Wednesday, August 3, 2011


Revelations 101
By Andrew J. Stone

“The thing is,” she says, “how come there are so many poems about vampires and werewolves?”
            “I don’t know,” I say.
            “Do you even know anyone who has seen a werewolf or a vampire?”
            “I’ve got a friend who swore he killed a werewolf while he was hunting, but it turned out to be a teenage girl who dressed up as one under a full moon.”
            “How about vampires?”
            “My dad was attacked by one once.  When I was younger, late one night, he was rocking in his chair on the patio and a woman floated towards him.  As she got close to him she revealed her fangs and my dad bolted for the door.  He locked it, woke up mom and I.  He told us of his encounter and warned us to never let it in.  Mom said he needed to quit the booze.”
            “So, you can’t be certain that either exists.”
            “No, not really.”
            “See there, in all those mystical poems about vampires, has anyone once mentioned that they are probably fictitious?  I don’t remember ever reading a poem titled ‘Vampires: Figments of the Imagination.’  Do you ever remember reading anything as honest as that?”
            “No, but vampires are living things that are nearly dead, aren’t they?  People love the idea of being dead.  They’re putting it in personal ads: ‘Single male in search of single female.  Must be skinny, curvy, and lifeless’.”
            “Listen, I love death too, but that’s not what I’m talking about.”
            “What are you talking about?”
            “I’m saying that poets always write about the erotic, bestiality shit.  Or the exotic, necrophilia shit.  I mean, poets like werewolves because they can get all sexual with the tan skin and muscular body, or get all violent with the wolf transmutation, or get all sexual and violent at the same time.”
            “That’s true.  I wish somebody would write a poem about a simple creature, say, a fairy.”
            “Poets aren’t going to use a fairy because the name sounds gentle, almost innocent.  You can’t put the word ‘fairy’ in a poem.  Nobody will take you seriously if you put the word ‘fairy’ in your poem.”
            “Use the word ‘fairy’ and they’ll call you a pacifist.”
            “And once they call you a pacifist, your career is fucked.  You know what it says in the poetry dictionary when you look up of the word ‘pacifist?”
            “It says ‘loony-old-woman-who-would-kill-herself-before-endangering-an-animal’ or ‘senseless-young-man-stuck-in-the-sixties’.”
            “You know what?  To hell with them.  I’m going to write a poem about fairies.  I’m going to celebrate those nonviolent creatures.”
            “Thing is, I was just thinking and, in like, MiddleEarth, fairies are pretty popular.  Really swarming, I guess.”
            “Okay, so maybe my poem won’t make any sense in MiddleEarth.  But I’m not writing it in MiddleEarth.  Last time I checked, MiddleEarth inhabitants weren’t rushing out to read my poetry.  They might be overpopulated with fairies, but they aren’t giving shit to me.  So in terms of this poem, I say, to hell with MiddleEarth.”
            “No, no, no, no, you don’t say, ‘To hell with MiddleEarth.’  That could easily be interpreted as you being Satanist.  It will bring a subtext to your fairy poem you don’t want.  What you’re really saying is, ‘To hell with the violent mythological bastards.’”
            “Okay, now I know you’re using ‘to hell’ in a negative sense, in a dark and realistic way, but if you think about it in a metaphorical sense, then ‘To hell with the violent mythological bastards’ is kind of sexual and exotic.  I mean, don’t we all, when it comes right down to it, want to have sex with a vampire’s cold flesh?  Or at least a beastly werewolf?”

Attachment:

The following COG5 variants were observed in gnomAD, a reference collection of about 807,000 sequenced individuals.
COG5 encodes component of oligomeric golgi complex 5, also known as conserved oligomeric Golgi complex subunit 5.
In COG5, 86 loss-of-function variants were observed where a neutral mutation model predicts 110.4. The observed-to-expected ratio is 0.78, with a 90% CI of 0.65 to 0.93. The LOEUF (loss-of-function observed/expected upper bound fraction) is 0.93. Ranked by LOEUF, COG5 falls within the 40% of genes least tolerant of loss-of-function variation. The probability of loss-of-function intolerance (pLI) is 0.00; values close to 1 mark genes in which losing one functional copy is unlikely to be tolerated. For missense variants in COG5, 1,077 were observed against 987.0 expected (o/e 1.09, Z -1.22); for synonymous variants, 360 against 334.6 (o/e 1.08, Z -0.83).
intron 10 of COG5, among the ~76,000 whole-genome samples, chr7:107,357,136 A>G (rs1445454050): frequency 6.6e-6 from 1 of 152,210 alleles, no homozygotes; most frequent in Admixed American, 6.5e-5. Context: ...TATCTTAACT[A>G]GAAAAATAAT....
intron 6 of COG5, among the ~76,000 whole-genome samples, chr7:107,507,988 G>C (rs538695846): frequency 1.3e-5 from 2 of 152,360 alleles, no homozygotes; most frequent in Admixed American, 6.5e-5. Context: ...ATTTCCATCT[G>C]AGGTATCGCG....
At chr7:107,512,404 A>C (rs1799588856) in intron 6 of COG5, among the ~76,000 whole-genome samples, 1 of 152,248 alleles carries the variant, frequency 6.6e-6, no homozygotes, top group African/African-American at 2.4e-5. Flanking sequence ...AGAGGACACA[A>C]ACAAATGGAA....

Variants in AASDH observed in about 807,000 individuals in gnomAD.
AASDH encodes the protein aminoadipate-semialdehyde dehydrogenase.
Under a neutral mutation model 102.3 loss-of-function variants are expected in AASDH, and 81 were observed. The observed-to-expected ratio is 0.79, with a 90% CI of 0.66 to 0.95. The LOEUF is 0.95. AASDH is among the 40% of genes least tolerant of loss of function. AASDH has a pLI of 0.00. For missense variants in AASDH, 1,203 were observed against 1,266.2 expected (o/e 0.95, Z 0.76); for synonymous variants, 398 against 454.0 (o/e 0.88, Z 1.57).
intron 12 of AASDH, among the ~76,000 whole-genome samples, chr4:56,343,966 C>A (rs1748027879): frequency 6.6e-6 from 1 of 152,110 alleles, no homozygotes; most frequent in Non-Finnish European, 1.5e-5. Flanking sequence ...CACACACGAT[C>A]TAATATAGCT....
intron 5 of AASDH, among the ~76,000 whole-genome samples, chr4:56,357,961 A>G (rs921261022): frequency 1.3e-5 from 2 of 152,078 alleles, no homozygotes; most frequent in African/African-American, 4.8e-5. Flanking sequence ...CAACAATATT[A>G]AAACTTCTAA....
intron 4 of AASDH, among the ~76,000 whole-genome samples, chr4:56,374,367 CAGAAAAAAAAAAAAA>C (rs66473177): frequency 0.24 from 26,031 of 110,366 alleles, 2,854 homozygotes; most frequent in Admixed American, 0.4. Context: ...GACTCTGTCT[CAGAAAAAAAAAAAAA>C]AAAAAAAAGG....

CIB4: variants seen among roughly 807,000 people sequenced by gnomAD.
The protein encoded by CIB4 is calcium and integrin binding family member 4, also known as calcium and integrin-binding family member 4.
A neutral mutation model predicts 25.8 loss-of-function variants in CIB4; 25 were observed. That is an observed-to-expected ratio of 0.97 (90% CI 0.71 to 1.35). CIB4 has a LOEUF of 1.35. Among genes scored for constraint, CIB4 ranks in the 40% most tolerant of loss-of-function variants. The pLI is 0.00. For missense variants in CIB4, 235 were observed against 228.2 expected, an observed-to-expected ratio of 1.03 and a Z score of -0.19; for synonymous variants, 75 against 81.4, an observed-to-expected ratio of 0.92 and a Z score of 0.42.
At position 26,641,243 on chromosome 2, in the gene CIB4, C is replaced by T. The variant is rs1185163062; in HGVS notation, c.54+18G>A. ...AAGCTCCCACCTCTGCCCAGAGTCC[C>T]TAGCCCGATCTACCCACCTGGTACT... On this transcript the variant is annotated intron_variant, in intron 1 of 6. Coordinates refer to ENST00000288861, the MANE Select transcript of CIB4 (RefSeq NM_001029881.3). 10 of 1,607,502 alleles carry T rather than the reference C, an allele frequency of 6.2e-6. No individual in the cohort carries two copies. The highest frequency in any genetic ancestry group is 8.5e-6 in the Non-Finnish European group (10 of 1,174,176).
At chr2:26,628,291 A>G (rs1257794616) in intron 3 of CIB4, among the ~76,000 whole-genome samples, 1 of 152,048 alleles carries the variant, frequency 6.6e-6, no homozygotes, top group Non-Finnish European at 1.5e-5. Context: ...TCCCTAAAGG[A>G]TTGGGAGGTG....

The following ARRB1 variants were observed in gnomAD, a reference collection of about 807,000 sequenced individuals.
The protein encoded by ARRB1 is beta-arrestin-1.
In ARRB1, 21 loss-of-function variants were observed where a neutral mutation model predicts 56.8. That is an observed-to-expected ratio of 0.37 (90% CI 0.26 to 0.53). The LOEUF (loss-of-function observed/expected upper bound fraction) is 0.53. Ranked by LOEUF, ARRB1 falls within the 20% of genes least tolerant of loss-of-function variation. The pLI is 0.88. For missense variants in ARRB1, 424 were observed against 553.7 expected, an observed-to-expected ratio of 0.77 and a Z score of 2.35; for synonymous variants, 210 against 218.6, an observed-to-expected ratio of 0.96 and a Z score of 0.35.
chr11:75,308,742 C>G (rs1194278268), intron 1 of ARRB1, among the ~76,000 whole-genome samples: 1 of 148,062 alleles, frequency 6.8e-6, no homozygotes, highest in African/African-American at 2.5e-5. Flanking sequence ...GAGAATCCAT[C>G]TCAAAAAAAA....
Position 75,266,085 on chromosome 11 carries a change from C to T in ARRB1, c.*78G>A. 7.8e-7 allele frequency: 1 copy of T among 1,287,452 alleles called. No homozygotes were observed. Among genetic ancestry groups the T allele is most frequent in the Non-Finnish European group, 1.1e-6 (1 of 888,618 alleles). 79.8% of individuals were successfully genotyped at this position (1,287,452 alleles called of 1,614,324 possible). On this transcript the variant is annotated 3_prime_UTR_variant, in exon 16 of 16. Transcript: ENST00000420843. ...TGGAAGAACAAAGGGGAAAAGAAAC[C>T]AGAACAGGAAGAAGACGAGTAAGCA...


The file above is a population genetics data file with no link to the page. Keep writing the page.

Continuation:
“Yeah, you’re right.  And all those damn poets are writing those poems about vampires and werewolves because of their desire to have sex with the dead or with the animals.”
            “Yeah, and I want my poem about fairies to have a completely different meaning.  I want my poem to say, ‘To hell with the passive creature all poets have been avoiding their entire career.’”
            “And by ‘To hell’ you mean–”
            “Burning in a lake of sulfur with Satan.”
            “Good, good.  But make sure it has other meanings than the whole Satan thing, okay?”
            “I’ll try.”
            “And can you maybe make it into a fairy revelation?”
            “I always do.”
            “Okay, good, because people will know you mean it if you make it sound like fairy worship.”
            “Okay, then, here’s your little revelation.”

There lived a fairy trapped in a gothic castle.
Black hair swam down her back and tears lingered
as her eyes watched the man inside her head.

Shrinking sunlight drifted in through the window,
she studied in the mirror’s reflection.  A dark man,
hooded and caped, hovers outside the gothic castle. 

Sun to moon she dreamt colors gray, heart
pounding, sounding into the depths of the sea,
into the death of a lover who swims inside her head.

Lungs spew invisible smoke as the man outside the window
dances with her name, “Mae the Fae,” he gloats
as the fairy stares breathless from the gothic castle

into the man’s light.  NAKED when their eyes meet,
DEAD when their bodies collide, SILENCE
as his lips move, igniting black hues inside her head.

White fingers sprouting from a white hand clench
white wings until they are plucked, fucked,
crumpled into a colorless heap on the gothic castle
floor, where the man once existed inside the fairy’s head.

- - -
I am a storyteller and words express what I see in the world. I try to expose the dark layer surrounding the heart in order to make sense of this life. My hope is that my poetry will enable other individuals to do the same. My work has recently appeared in Phantom Kangaroo.


- - -

Help keep Yesteryear Fiction alive! Visit our sponsors! :)

- - -

Blog Archive